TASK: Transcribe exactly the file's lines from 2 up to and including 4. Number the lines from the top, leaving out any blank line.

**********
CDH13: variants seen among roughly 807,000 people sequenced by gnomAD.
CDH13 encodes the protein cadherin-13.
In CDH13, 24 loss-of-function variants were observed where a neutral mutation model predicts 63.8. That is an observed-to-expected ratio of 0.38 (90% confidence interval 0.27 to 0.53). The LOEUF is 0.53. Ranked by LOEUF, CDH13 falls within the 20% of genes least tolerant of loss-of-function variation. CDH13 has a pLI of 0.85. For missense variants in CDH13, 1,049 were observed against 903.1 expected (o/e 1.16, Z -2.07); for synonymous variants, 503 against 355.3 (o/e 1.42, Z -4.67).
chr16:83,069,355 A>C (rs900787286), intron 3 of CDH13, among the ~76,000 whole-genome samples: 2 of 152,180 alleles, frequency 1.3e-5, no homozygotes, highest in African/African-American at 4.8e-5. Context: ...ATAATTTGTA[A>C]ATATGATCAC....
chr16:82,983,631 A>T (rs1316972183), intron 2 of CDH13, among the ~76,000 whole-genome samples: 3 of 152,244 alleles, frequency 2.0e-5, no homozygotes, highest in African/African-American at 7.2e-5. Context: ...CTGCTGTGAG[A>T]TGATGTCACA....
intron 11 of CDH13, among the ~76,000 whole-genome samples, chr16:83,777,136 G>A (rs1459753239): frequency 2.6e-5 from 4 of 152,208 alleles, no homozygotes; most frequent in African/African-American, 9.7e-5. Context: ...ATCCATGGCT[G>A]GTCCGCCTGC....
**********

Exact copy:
CDH13 encodes the protein cadherin-13.
In CDH13, 24 loss-of-function variants were observed where a neutral mutation model predicts 63.8. That is an observed-to-expected ratio of 0.38 (90% confidence interval 0.27 to 0.53). The LOEUF is 0.53. Ranked by LOEUF, CDH13 falls within the 20% of genes least tolerant of loss-of-function variation. CDH13 has a pLI of 0.85. For missense variants in CDH13, 1,049 were observed against 903.1 expected (o/e 1.16, Z -2.07); for synonymous variants, 503 against 355.3 (o/e 1.42, Z -4.67).
chr16:83,069,355 A>C (rs900787286), intron 3 of CDH13, among the ~76,000 whole-genome samples: 2 of 152,180 alleles, frequency 1.3e-5, no homozygotes, highest in African/African-American at 4.8e-5. Context: ...ATAATTTGTA[A>C]ATATGATCAC....